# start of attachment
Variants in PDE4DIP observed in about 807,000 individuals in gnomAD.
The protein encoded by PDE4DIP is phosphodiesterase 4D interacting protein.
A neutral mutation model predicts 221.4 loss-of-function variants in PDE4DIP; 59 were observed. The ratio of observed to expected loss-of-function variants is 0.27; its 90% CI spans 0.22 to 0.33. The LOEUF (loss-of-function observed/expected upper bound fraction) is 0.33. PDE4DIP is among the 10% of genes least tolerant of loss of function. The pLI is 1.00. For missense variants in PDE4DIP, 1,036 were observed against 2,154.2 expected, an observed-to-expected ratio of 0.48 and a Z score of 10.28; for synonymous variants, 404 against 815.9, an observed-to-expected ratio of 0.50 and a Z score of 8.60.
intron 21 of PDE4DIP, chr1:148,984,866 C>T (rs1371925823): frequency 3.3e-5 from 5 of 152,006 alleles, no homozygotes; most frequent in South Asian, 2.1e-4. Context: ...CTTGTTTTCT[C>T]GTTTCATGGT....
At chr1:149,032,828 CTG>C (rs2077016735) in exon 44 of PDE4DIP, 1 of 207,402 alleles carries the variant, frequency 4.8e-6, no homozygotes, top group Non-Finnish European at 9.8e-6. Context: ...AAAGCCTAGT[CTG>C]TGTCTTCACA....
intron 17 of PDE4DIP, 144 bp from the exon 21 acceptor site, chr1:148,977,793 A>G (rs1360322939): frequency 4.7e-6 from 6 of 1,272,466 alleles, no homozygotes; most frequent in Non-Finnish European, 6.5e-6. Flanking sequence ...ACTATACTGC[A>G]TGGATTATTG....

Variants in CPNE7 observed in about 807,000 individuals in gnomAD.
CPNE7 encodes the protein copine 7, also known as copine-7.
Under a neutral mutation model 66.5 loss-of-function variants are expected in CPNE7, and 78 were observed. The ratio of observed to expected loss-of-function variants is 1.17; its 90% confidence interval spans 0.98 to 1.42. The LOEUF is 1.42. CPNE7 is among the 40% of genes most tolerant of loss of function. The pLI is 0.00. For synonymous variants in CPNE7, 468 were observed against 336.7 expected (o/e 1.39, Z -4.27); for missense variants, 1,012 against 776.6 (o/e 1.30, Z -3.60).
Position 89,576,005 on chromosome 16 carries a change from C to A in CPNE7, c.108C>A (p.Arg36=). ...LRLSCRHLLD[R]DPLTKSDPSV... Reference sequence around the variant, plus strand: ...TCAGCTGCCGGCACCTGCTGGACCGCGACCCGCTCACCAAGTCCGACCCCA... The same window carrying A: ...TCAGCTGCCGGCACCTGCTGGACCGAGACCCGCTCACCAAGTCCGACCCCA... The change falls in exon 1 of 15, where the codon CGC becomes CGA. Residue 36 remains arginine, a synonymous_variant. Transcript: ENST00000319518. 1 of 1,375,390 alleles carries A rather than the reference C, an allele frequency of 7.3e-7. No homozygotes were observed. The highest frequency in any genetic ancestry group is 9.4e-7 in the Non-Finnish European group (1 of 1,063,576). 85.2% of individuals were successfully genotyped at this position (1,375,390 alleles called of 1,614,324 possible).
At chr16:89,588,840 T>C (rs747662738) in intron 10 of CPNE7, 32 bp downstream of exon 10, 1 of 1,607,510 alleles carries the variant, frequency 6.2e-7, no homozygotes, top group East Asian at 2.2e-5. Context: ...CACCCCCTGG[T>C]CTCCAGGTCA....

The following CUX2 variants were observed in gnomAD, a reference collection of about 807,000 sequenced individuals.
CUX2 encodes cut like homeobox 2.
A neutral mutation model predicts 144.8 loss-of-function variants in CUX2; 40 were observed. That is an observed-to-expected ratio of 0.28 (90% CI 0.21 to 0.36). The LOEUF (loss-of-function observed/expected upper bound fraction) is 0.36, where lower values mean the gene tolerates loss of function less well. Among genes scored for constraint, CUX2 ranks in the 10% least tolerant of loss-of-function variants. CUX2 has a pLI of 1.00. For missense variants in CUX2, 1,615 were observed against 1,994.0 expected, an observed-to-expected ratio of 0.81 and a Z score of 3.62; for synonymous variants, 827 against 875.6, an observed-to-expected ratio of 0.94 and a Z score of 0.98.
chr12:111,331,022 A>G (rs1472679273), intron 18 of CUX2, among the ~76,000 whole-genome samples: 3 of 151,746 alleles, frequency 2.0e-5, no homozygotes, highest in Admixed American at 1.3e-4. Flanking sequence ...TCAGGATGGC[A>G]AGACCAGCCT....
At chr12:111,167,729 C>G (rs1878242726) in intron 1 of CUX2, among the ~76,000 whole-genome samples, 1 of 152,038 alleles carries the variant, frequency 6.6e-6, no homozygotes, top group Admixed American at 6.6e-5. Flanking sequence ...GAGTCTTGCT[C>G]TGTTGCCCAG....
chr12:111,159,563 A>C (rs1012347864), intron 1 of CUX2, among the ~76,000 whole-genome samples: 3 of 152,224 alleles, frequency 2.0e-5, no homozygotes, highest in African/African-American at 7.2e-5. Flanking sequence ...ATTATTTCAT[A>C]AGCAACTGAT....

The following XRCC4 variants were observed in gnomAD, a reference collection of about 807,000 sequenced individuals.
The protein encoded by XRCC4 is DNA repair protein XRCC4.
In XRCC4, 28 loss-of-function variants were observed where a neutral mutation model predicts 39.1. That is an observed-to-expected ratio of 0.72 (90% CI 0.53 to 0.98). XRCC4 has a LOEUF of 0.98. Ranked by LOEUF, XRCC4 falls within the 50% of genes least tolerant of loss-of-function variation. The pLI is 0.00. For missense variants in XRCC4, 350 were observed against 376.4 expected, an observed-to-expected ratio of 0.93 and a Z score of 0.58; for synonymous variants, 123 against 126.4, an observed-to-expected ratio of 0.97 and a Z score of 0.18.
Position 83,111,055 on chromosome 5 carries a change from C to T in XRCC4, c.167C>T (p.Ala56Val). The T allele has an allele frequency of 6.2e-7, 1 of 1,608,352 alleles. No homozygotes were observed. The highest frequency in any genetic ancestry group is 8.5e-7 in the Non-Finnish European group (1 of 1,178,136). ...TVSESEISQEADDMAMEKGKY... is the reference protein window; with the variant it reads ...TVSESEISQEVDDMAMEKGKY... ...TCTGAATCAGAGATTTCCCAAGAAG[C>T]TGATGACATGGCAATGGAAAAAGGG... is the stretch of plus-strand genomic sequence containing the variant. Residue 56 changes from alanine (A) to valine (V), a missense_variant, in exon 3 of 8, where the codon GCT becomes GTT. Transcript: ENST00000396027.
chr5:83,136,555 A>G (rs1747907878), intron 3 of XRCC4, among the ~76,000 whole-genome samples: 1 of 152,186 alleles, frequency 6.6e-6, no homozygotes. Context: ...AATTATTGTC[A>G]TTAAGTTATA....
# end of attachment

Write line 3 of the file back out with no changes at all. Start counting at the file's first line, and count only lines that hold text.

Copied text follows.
A neutral mutation model predicts 221.4 loss-of-function variants in PDE4DIP; 59 were observed. The ratio of observed to expected loss-of-function variants is 0.27; its 90% CI spans 0.22 to 0.33. The LOEUF (loss-of-function observed/expected upper bound fraction) is 0.33. PDE4DIP is among the 10% of genes least tolerant of loss of function. The pLI is 1.00. For missense variants in PDE4DIP, 1,036 were observed against 2,154.2 expected, an observed-to-expected ratio of 0.48 and a Z score of 10.28; for synonymous variants, 404 against 815.9, an observed-to-expected ratio of 0.50 and a Z score of 8.60.